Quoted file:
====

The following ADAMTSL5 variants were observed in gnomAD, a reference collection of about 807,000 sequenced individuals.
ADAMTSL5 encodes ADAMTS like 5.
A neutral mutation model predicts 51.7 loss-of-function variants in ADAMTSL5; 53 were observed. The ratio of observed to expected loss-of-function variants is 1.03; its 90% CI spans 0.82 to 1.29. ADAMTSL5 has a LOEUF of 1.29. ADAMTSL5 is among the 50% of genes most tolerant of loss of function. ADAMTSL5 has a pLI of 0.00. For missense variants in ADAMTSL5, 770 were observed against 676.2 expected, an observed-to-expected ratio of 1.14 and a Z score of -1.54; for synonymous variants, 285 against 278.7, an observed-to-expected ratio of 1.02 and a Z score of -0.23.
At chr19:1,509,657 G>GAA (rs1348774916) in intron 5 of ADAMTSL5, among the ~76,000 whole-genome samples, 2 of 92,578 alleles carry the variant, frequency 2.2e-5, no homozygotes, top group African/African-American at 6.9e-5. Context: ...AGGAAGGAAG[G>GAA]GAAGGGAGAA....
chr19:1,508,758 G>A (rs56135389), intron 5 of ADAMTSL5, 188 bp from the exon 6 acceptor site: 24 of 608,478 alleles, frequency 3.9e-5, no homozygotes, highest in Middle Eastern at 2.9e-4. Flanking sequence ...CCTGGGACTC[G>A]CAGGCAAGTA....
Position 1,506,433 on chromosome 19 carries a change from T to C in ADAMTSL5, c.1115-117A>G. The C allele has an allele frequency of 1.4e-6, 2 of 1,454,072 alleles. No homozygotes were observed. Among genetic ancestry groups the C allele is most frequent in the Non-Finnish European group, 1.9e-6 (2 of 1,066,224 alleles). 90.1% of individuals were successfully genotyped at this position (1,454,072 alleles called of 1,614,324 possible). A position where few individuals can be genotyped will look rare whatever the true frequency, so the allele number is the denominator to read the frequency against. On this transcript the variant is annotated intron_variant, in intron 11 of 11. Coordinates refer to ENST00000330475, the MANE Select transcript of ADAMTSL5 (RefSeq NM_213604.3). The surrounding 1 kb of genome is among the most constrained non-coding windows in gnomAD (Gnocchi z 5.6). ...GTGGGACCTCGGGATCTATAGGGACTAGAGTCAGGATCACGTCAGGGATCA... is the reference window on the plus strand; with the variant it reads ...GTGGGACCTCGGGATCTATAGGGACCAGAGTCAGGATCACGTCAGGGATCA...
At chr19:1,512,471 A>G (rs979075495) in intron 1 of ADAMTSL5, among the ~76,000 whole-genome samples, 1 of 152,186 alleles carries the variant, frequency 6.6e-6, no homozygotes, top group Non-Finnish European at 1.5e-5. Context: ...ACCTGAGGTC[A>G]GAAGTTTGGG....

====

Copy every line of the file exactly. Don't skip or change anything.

The following ADAMTSL5 variants were observed in gnomAD, a reference collection of about 807,000 sequenced individuals.
ADAMTSL5 encodes ADAMTS like 5.
A neutral mutation model predicts 51.7 loss-of-function variants in ADAMTSL5; 53 were observed. The ratio of observed to expected loss-of-function variants is 1.03; its 90% CI spans 0.82 to 1.29. ADAMTSL5 has a LOEUF of 1.29. ADAMTSL5 is among the 50% of genes most tolerant of loss of function. ADAMTSL5 has a pLI of 0.00. For missense variants in ADAMTSL5, 770 were observed against 676.2 expected, an observed-to-expected ratio of 1.14 and a Z score of -1.54; for synonymous variants, 285 against 278.7, an observed-to-expected ratio of 1.02 and a Z score of -0.23.
At chr19:1,509,657 G>GAA (rs1348774916) in intron 5 of ADAMTSL5, among the ~76,000 whole-genome samples, 2 of 92,578 alleles carry the variant, frequency 2.2e-5, no homozygotes, top group African/African-American at 6.9e-5. Context: ...AGGAAGGAAG[G>GAA]GAAGGGAGAA....
chr19:1,508,758 G>A (rs56135389), intron 5 of ADAMTSL5, 188 bp from the exon 6 acceptor site: 24 of 608,478 alleles, frequency 3.9e-5, no homozygotes, highest in Middle Eastern at 2.9e-4. Flanking sequence ...CCTGGGACTC[G>A]CAGGCAAGTA....
Position 1,506,433 on chromosome 19 carries a change from T to C in ADAMTSL5, c.1115-117A>G. The C allele has an allele frequency of 1.4e-6, 2 of 1,454,072 alleles. No homozygotes were observed. Among genetic ancestry groups the C allele is most frequent in the Non-Finnish European group, 1.9e-6 (2 of 1,066,224 alleles). 90.1% of individuals were successfully genotyped at this position (1,454,072 alleles called of 1,614,324 possible). A position where few individuals can be genotyped will look rare whatever the true frequency, so the allele number is the denominator to read the frequency against. On this transcript the variant is annotated intron_variant, in intron 11 of 11. Coordinates refer to ENST00000330475, the MANE Select transcript of ADAMTSL5 (RefSeq NM_213604.3). The surrounding 1 kb of genome is among the most constrained non-coding windows in gnomAD (Gnocchi z 5.6). ...GTGGGACCTCGGGATCTATAGGGACTAGAGTCAGGATCACGTCAGGGATCA... is the reference window on the plus strand; with the variant it reads ...GTGGGACCTCGGGATCTATAGGGACCAGAGTCAGGATCACGTCAGGGATCA...
At chr19:1,512,471 A>G (rs979075495) in intron 1 of ADAMTSL5, among the ~76,000 whole-genome samples, 1 of 152,186 alleles carries the variant, frequency 6.6e-6, no homozygotes, top group Non-Finnish European at 1.5e-5. Context: ...ACCTGAGGTC[A>G]GAAGTTTGGG....